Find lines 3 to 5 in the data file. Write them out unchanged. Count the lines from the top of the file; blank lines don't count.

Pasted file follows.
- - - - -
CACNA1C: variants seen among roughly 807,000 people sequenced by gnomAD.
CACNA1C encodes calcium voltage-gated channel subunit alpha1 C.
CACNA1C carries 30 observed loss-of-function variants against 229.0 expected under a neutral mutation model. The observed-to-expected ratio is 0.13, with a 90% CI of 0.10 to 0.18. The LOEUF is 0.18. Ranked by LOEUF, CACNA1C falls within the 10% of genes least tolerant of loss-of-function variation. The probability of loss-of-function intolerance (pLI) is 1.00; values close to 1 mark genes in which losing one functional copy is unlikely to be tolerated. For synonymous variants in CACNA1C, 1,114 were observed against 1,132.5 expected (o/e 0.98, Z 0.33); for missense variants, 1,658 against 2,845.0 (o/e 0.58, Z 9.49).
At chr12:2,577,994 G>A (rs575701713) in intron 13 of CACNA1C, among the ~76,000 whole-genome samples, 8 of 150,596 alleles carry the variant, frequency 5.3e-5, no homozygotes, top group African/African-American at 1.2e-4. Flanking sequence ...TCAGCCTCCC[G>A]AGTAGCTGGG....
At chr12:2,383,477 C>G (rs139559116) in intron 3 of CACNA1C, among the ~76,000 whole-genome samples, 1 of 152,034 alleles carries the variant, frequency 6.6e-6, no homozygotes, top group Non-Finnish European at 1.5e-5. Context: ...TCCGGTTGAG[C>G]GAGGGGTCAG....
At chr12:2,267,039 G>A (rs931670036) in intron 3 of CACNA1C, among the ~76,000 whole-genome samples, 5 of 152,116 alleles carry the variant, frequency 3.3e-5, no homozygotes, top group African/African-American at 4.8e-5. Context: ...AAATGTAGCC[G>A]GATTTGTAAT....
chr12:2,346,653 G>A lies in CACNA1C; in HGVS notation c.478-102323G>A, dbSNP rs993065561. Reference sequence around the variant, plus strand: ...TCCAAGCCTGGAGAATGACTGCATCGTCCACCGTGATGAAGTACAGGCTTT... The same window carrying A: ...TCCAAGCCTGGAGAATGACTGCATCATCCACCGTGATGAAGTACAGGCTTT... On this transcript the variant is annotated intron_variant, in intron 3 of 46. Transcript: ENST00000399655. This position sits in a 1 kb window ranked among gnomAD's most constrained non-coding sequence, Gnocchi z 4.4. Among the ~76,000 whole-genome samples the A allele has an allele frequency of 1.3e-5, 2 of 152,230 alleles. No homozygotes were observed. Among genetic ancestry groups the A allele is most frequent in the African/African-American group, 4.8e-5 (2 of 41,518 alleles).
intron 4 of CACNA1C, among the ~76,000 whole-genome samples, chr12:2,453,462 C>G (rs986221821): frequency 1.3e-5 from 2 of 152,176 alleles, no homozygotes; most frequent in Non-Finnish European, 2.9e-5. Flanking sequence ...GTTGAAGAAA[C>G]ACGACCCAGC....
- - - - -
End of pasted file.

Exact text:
CACNA1C carries 30 observed loss-of-function variants against 229.0 expected under a neutral mutation model. The observed-to-expected ratio is 0.13, with a 90% CI of 0.10 to 0.18. The LOEUF is 0.18. Ranked by LOEUF, CACNA1C falls within the 10% of genes least tolerant of loss-of-function variation. The probability of loss-of-function intolerance (pLI) is 1.00; values close to 1 mark genes in which losing one functional copy is unlikely to be tolerated. For synonymous variants in CACNA1C, 1,114 were observed against 1,132.5 expected (o/e 0.98, Z 0.33); for missense variants, 1,658 against 2,845.0 (o/e 0.58, Z 9.49).
At chr12:2,577,994 G>A (rs575701713) in intron 13 of CACNA1C, among the ~76,000 whole-genome samples, 8 of 150,596 alleles carry the variant, frequency 5.3e-5, no homozygotes, top group African/African-American at 1.2e-4. Flanking sequence ...TCAGCCTCCC[G>A]AGTAGCTGGG....
At chr12:2,383,477 C>G (rs139559116) in intron 3 of CACNA1C, among the ~76,000 whole-genome samples, 1 of 152,034 alleles carries the variant, frequency 6.6e-6, no homozygotes, top group Non-Finnish European at 1.5e-5. Context: ...TCCGGTTGAG[C>G]GAGGGGTCAG....